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stuck artist

updated fri 20 jul 01


mel jacobson on tue 17 jul 01

this is a general big philosophy of life.

when you get stuck, in most cases, the way out is to focus.

one way to focus is to make things very simply. take out the
complex elements of your work. get rid of the artsy thinking.

one suggestion that works for many, is use one clay body.
two glazes. just black and white. electric fire. cone 6.
use ron roy's black, cone 6 and his white base. make 100
bowls from 2lbs of clay each all the same. 100 plates from 2lbs each.
glaze them in all the combinations of black and white you can
find. 200 will barely make it.
don't do anything else...make the entire 200, work out all the
combinations. don't skip any. do the entire exercise. and then
do it all over again with 200 more pots of any two shapes.

go into deep concentration. just think about the two hundred
pots...make them clean...simple. think of the many combinations
of glazing. clean, clear design.
then look at them all. see what you have done and how
you accomplished the project.
you will be brand new when you get done.
this is a wonderful lesson for anyone to do.
old, new, professional, amateur. then think, hmmm, how
would hamada do this lesson?

why wouldn't a college professor assign this to an mfa
candidate? get them thinking...think of the possibilities.
but, no...many just say...`go do something, i will be here
on tuesdays.` an assignment, what a concept.
Minnetonka, Minnesota, U.S.A.
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Marie Gibbons on tue 17 jul 01

something I started doing years ago when i taught fashion design and
marketing was gathering images, ideas, sketches, etc. of things that inspired
creative thoughts, things that i liked..... some call it a mourge file,
others call it a source file... mine is filled with images of art.....
interiors.... textiles.... color combinations, nature, texture, anything that
i looked at and it caused a reaction .... gave me inspiration. I have had my
book going now for over 10 years, and i still enjoy just thumbing thru the
hundreds of pages, looking at things... some that have been from the begining
still apeal to me.. but now in different ways...

I use a large binder, with sheet protectors so i can rip from magazines,
(oooo did i hear some of you shudder, yes i rip up my magazines!) slip in
drawings, swatches of fabrics, photos, poems, lists of words, whatever it is
that brings my mind a story for a piece.

When i get in a slump... or a creative block i will just sit and look and
look and look, and sooner or later something wonderful happens!

hope this helps,

Jeremy McLeod on tue 17 jul 01

Marie Gibbons wrote:

> some call it a mourge file,
> others call it a source file...

I call it "eye candy". The studio in which I work has a somewhat random collection
of back issues of Ceramic Monthly and several other magazines. A cup of coffee
and a meander through a few issues is an exercise I treasure. Often I'll look through
magazines I know I've looked at before, often recently, knowing that something
different will catch my eye. Sometimes the inspiration is for that day, sometimes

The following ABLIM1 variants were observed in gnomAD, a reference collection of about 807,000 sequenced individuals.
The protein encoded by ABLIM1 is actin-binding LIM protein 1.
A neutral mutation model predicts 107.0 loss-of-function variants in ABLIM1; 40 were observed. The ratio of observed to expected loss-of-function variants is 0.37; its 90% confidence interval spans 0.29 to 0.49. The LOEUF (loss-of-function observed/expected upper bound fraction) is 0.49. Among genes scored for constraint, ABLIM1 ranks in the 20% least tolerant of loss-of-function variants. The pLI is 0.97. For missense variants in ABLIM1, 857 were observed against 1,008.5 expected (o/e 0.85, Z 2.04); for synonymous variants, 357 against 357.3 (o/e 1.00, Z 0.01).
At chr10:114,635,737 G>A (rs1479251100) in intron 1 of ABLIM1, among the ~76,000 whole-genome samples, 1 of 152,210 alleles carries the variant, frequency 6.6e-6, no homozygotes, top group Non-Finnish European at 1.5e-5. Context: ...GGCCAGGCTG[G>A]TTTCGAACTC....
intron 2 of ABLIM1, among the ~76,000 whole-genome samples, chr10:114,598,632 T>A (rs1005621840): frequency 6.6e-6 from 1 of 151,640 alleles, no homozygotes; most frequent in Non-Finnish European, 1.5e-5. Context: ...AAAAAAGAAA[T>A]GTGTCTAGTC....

things just get filed away in the primaeval ooze of my imagination for further

Eye candy isn't limited to print media, of course. It's often stuff I see on retail
or in art/craft shows. It's something on the hoof in nature. It's whatever catches
my eye and makes a connection with the impulse to play in the mud.


Fabienne Micheline Cassman on tue 17 jul 01


Being a baby at all this, I hit my first slump last winter. I figured I
needed fresh blood that wouldn't be afraid to tell me how things really
stand. So I took a graduate ceramics class as a student-at-large; it was
an hour away and very inconvenient time-wise, but the experience was
absolutely a great one I would repeat again. The critiques were done with
tact which was a bonus :)

One of the things I got out of it is to keep a book filled with work I like
and look at it on a regular basis as well as add to it when I can since
taste changes. I review them to see if indeed there is a change and try to
implement the common concepts to what I make. That alone keeps me going
for now.


Milky Way Ceramics

Yes, I have learned from my mistakes...
I can reproduce them exactly.

Lee Love on wed 18 jul 01

Hi Mel,

Today, for the first time in a year and 5 months, the Forman said all my
yunomi were good. This is after throwing thousands of yunomi. Usually, even if
he passes all the yunomi, he usually finds something that needs to be tweaked.
I've come back to yunomi after doing my quota of my other forms. Everyone
seems to have trouble with this yunomi form if they leave it for a while. It
is a shape that originally came from Okinawa.

When I get to making my own work again, I'll never be so exact as I am
required to be with these "deshi" yunomi, but I'll probably always have one
form that I will practice with this precision. I kind of see it like a
musician doing scales.


Lee Love
Mashiko JAPAN
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iandol on thu 19 jul 01

Mel suggested

Bought a new torch yesterday. Not the first one which was offered to me =
for a modest $369.95 but your K-Mart Eveready for $13:95, including =
batteries. Instructions said that it will focus. It really did. =
Illuminated the Grain Silos at a couple of hundred yards. Bright grey =
against a background of Stars.

I think you have to get to the "Point" and see what might be in the =